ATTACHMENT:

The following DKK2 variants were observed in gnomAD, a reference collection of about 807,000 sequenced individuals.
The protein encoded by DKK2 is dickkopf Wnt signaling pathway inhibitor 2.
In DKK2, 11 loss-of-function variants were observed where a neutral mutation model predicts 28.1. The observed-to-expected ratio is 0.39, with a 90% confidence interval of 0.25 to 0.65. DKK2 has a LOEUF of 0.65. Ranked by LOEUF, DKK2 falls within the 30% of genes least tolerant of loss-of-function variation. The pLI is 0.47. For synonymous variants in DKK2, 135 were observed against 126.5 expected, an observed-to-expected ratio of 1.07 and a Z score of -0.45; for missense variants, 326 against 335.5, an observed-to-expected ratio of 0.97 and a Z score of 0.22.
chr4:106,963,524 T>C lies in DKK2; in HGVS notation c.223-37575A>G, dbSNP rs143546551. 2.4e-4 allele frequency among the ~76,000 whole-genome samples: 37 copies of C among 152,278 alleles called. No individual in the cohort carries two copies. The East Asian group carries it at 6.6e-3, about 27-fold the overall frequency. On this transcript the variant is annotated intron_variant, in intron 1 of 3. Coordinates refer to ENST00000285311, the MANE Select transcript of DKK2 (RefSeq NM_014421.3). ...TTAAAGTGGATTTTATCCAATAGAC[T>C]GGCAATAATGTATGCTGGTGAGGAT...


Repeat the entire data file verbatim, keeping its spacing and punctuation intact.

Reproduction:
The following DKK2 variants were observed in gnomAD, a reference collection of about 807,000 sequenced individuals.
The protein encoded by DKK2 is dickkopf Wnt signaling pathway inhibitor 2.
In DKK2, 11 loss-of-function variants were observed where a neutral mutation model predicts 28.1. The observed-to-expected ratio is 0.39, with a 90% confidence interval of 0.25 to 0.65. DKK2 has a LOEUF of 0.65. Ranked by LOEUF, DKK2 falls within the 30% of genes least tolerant of loss-of-function variation. The pLI is 0.47. For synonymous variants in DKK2, 135 were observed against 126.5 expected, an observed-to-expected ratio of 1.07 and a Z score of -0.45; for missense variants, 326 against 335.5, an observed-to-expected ratio of 0.97 and a Z score of 0.22.
chr4:106,963,524 T>C lies in DKK2; in HGVS notation c.223-37575A>G, dbSNP rs143546551. 2.4e-4 allele frequency among the ~76,000 whole-genome samples: 37 copies of C among 152,278 alleles called. No individual in the cohort carries two copies. The East Asian group carries it at 6.6e-3, about 27-fold the overall frequency. On this transcript the variant is annotated intron_variant, in intron 1 of 3. Coordinates refer to ENST00000285311, the MANE Select transcript of DKK2 (RefSeq NM_014421.3). ...TTAAAGTGGATTTTATCCAATAGAC[T>C]GGCAATAATGTATGCTGGTGAGGAT...